Monday, 15 December 2008
Oh Rhodesia... Oh Zimbabwe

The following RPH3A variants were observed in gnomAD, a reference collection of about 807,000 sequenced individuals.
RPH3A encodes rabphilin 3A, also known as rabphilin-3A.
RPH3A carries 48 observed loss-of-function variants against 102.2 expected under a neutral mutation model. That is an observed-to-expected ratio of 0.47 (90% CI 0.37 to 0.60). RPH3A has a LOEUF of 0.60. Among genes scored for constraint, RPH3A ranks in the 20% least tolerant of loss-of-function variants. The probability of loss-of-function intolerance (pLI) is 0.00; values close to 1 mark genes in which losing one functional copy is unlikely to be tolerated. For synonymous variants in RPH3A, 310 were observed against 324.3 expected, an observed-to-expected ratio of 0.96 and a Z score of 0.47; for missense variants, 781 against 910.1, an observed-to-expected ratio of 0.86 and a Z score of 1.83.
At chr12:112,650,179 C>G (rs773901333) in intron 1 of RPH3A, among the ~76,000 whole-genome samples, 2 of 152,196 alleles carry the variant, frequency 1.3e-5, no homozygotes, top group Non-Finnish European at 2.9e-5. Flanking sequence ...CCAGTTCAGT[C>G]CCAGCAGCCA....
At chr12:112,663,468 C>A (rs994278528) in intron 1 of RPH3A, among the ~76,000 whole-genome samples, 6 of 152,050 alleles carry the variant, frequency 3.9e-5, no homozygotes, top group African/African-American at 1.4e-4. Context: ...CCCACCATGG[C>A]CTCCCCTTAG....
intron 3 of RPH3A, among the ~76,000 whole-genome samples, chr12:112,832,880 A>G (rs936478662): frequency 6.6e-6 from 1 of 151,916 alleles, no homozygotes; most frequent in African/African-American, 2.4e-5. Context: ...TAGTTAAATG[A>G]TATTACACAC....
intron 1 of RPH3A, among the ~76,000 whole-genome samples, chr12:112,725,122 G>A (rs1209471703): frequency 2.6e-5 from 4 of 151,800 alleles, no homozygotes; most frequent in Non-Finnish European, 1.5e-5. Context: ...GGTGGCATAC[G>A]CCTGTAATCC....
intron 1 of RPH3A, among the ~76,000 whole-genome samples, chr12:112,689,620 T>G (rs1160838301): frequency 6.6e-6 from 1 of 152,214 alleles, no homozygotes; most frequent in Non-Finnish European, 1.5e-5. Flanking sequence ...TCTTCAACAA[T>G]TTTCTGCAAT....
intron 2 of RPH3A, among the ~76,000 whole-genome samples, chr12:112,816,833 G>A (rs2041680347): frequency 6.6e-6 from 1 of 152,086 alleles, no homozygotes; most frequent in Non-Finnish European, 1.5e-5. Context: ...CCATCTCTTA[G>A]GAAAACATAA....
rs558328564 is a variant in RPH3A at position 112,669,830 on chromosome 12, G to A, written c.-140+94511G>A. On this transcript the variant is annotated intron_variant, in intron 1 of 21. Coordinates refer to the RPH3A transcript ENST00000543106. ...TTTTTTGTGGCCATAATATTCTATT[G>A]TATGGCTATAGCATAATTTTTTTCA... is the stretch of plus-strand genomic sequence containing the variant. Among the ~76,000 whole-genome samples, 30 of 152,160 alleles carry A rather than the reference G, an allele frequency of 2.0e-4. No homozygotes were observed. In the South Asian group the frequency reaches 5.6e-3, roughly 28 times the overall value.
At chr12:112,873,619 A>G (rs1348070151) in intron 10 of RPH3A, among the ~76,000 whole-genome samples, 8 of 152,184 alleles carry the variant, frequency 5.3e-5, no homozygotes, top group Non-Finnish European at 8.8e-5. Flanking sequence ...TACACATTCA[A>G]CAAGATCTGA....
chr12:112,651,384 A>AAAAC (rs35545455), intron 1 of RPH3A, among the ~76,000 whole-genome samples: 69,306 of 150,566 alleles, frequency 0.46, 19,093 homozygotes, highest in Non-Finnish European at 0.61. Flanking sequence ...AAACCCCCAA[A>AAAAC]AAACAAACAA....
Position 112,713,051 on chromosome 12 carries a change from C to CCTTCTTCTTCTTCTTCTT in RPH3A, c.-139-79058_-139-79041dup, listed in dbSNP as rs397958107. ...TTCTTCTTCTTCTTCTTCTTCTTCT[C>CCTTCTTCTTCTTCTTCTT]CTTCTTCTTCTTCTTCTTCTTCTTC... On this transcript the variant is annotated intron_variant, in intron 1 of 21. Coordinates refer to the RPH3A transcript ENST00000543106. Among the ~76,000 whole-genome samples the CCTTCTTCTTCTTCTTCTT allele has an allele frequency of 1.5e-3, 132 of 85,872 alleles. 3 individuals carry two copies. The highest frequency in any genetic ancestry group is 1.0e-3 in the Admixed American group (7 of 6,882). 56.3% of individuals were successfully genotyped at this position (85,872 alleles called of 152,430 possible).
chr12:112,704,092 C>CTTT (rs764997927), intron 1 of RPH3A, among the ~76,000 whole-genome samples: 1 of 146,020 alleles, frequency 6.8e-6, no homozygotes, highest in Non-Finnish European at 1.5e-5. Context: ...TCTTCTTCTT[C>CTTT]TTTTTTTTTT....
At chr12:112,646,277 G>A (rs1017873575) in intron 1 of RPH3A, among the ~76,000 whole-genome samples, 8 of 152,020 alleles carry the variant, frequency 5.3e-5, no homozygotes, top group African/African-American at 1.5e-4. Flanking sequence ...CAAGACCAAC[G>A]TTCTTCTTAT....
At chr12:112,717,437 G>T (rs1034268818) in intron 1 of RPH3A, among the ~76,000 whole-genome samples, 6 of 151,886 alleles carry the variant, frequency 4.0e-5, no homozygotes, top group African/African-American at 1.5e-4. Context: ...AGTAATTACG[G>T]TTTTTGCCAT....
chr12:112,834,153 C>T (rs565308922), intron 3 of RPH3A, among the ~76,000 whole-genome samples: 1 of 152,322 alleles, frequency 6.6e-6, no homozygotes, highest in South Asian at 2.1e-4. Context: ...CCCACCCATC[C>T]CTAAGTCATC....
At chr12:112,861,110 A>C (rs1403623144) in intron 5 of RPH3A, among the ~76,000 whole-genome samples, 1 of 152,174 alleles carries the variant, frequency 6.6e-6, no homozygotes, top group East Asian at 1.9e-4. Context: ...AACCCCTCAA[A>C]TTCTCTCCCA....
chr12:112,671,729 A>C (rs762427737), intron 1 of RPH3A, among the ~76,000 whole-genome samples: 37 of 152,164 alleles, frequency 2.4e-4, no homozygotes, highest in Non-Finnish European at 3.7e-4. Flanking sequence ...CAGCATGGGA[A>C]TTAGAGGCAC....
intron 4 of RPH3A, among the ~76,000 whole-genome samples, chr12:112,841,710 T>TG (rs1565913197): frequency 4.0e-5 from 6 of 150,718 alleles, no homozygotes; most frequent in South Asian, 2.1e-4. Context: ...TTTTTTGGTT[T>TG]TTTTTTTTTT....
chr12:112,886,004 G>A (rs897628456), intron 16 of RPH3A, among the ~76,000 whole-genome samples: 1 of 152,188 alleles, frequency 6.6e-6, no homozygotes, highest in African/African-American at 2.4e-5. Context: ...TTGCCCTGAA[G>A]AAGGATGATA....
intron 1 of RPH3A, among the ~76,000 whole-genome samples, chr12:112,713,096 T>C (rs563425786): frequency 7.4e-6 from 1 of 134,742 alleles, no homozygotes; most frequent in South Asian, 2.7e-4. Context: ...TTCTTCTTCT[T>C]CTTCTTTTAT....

A former colleage of mine in one of the `Shire Forces` told me of his time in Rhodesia during the independence elections when, in 1979, British Bobbies were sent out there as a sign of reassurance, decency and fairness for the people undergoing such a massive change. I now wince at the irony. My friend, Dave, spoke of the wonderful people he met, especially the `bush` people, who walked for days to cast their vote. People who couldn't read or write but who could play hand made musical instruments with such skill. One day at the polling station a simple man from the bush came in to exercise his democratic right, but didn't quite get what he had to do. Dave told the interpreter to explain how he must place his mark on the ballot and then he can cast his vote. This was quickly translated into Shona and so, duly instructed in his simple task, the bush man entered the booth. After a minute he was out, standing there very proudly with his A4 size ballot paper, with his little pencilled cross by the chosen candidates name, which also had an image of a Zebra by it. Each political party had their own animal symbol to assist the illiterate in knowing who they were voting for. Dave told the translator to instruct him to cast his vote which he did. The bushman promtly threw the paper back into the booth! Dave chuckled and told the interpreter to get him to pick it up and post it into the ballot box. The bushman picked up his ballot paper, walked to the metal ballot box and tried to push it into the slot, but being A4 size it wasn't going to fit and this simple man just couldn't work out how to do it, after all, in his world he had no need of paper. After more translations and confused expressions, Dave decided to breach one of the rules and took the paper from the bushman, neatly folded it twice and then slipped it through the slot. The bushman's face was a picture of amazement and mirth at the magic trick that Dave had performed. He shook him vigorously by the hand, telling him he was a `good magician`. The polling stations also had an ultra violet lamp and a solution that glowed under u/v. After the u/v screening check was performed they could vote and then before leaving they had to dip their hands into the solution, which would remain on their hands long enough to see out the election process and to ensure they only voted the once. Dave told me that several multiple voters were detected by this method and it was necessary to have a tribal `medicine man` or shaman present because when the `magic` of u/v showed up the marks on their fingers the simple folk thought they were cursed with bad magic. The shaman was clearly briefed on this and `in the know`. He would shake his beads at the poor `cursed` voter, flick a little special water over them and assure them that he had fixed them and they'd leave the polling station a little shocked, but ultimately relieved that the bad magic had been removed. When I look at the awful scenes today, of news footage bravely filmed and smuggled out of Zimbabwe, and that despotic maniac Mugabe and what he and his sort have done to that wonderful country, I think of the stories that Dave told me of his time amongst its people and how they had touched his heart, with their friendliness and joyful, open simplicity when he stood by his polling station in his British police uniform, in the stifling heat of the Rhodesian bush and tried to make sure it was a fair election. Thereafter, the world has stood by and watched those same people sink into the abyss that is now Zimbabwe. May the Gods that they pray to, help and protect them.